Album Review — 09 September 2009

00-FrontBy shelz.

When Billy Danze and Lil Fame describe their borough, the stories aren’t crafted from hazy memories found in the rearview or trips through the old neighborhood behind mafia tinted limo windows. They don’t have to rely on recall or dust off discarded hood personas because M.O.P. is Brooklyn and their music evokes all that is the BK experience. It’s the smell of pissy elevators and blunt smoke, the sound of shots fired and sirens whaling and the taste of corner store heroes and cold 40s. This is not Prospect Park. It’s gritty. It’s gutter and not for the feint of heart.  It’s for those who know the gravity of New York reality and live in the space where love and fear converge.  But like Biggie said, spread love is the Brooklyn way and Mash Out Posse has been spreading that love on wax for years. Minus cosigns from the God MC and the Guerilla Unit General, this duo is back where they belong with Foundation and its obvious there is no need for all that corporate glitz in Brownsville.

The pair dismiss the punk shit early and go in only to reemerge 14 tracks later with the crown they were handed after Warriorz.  They are still overbearing.  They still don’t give a shit about your crew and the lyrical fire fights can still leave you leaking.  The album opens with “I’m a Brownsvillian.”  It comes with a loud whiney guitar riff, some thick vocal samples and a classic Kool G Rap line that lay the foundation for the pair to re-introduce themselves to those who forgot, dudes with little hearts and folks who confused them for amateurs.

“Blow the Horns” is a love/hate anthem for both the folks they roll with and the folks they don’t.  The track is the first of Fizzy Womack’s six contributions to the album and the horns bring an energy to the track that picks up where the lead leaves off.  It’s hard, pounding and everything else you would expect from two dudes who “keep it Old English 800.”

“What I Wanna Be” is Primo’s only offering to Foundation.  The stutter step of the track and the soulful hook are juxtaposed against the lyrics that as usual are sucker free and cutting.   However, it’s nothing new for MOP to take one of Primo’s melodic tracks to tell you they’re going to piss on you, soulfully of course.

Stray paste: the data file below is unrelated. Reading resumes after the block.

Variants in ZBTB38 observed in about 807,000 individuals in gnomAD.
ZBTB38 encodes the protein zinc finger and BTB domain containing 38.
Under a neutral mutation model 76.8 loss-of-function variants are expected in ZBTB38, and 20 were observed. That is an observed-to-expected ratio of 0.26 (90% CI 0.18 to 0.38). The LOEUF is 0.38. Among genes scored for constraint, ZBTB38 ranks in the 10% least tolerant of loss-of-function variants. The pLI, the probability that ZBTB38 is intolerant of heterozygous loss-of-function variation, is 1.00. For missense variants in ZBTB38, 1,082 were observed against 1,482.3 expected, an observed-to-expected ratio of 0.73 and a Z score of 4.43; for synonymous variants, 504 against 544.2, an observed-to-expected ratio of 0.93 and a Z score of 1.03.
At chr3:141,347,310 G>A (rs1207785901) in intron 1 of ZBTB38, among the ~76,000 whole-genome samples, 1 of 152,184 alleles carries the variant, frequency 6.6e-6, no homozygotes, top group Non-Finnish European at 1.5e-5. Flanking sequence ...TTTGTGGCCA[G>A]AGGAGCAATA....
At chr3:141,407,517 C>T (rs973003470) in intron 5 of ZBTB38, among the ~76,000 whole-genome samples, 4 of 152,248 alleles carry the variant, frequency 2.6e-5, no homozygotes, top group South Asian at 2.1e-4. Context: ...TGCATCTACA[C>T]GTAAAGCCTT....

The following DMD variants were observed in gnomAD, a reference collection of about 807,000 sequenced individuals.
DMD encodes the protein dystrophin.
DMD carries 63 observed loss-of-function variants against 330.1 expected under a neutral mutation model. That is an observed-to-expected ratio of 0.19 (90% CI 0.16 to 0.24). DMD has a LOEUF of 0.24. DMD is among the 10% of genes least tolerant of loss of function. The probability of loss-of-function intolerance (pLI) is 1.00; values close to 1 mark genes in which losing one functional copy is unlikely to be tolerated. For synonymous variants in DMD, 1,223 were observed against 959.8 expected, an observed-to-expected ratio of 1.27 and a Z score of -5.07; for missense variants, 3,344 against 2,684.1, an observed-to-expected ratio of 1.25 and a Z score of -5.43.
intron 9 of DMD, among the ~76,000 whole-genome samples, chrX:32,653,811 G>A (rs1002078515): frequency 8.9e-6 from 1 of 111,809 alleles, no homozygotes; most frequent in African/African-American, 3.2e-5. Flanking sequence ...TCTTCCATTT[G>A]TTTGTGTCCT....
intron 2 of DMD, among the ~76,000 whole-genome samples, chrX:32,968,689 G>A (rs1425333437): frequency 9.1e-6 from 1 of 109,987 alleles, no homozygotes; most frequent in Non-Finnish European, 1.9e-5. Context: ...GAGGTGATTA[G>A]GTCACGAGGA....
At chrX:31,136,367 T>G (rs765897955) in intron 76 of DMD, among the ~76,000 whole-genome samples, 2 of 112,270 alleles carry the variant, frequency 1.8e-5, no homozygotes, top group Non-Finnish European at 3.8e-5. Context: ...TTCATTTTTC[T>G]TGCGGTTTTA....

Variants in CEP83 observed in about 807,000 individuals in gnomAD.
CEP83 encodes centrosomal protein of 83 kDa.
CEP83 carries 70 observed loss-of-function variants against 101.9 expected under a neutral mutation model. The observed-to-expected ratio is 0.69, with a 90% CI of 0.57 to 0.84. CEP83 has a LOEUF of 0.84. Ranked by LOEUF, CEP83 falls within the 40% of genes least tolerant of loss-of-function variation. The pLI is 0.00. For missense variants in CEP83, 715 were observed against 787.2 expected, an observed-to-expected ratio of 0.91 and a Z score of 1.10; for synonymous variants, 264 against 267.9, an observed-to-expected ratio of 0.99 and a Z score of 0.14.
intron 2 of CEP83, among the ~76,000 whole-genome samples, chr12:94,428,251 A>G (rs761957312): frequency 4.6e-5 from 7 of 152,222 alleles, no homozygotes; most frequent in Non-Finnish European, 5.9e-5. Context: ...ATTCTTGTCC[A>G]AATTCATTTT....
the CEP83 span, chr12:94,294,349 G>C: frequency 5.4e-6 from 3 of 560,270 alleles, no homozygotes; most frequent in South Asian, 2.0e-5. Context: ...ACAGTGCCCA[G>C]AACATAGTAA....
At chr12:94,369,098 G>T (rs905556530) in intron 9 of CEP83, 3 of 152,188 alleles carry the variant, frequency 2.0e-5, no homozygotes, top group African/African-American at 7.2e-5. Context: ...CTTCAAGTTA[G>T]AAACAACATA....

Statik Slelektah and Termanology drop in to lend their talents to another banger, “Crazy.” The Statik special comes with all the bells and whistles he normally has in tow, bursts of samples and scratches dot the track as the trio go verse for verse about their skills.  Term says he’s got that “KRS flow mixed with Esco.”  Don’t know about that but bravo to his hubris.  If you don’t believe it, who else will? He also says he’s “a young Rakim with the bars.”  Double bravo.

The hits keep coming.  “Rude Bastard” is a walk down Danze and Womack’s memory lane as only they could tell it.  Fizzy goes in again with a slow brooding track and the pair gives a little insight on the things that made them permanently leave their manners at home. “Brooklyn” is the obligatory home turf shout out that manages not to get into the cheesy range.  The track sounds like a slowed down version of Funkadelic’s “I’ll Stay” which relaxes the hardcore pace just enough for you to catch your breath.

The rest of the album pretty much follows suit.  The knit-pickers will question the box M.O.P. has created for themselves as far as content is concerned and “Street Life” has an almost industry uniform auto-tuned hook that everybody wont feel but there is no wackness here. Very few artists, even those with dope releases, can say that.

Is it a classic? No. Is it great? Hell yeah.  So if you need to moment of gangsta Zen free of shiny shirts and Nuvo bottles, M.O.P.’s latest ride on the Brooklyn side is just for you.

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Out Of 5

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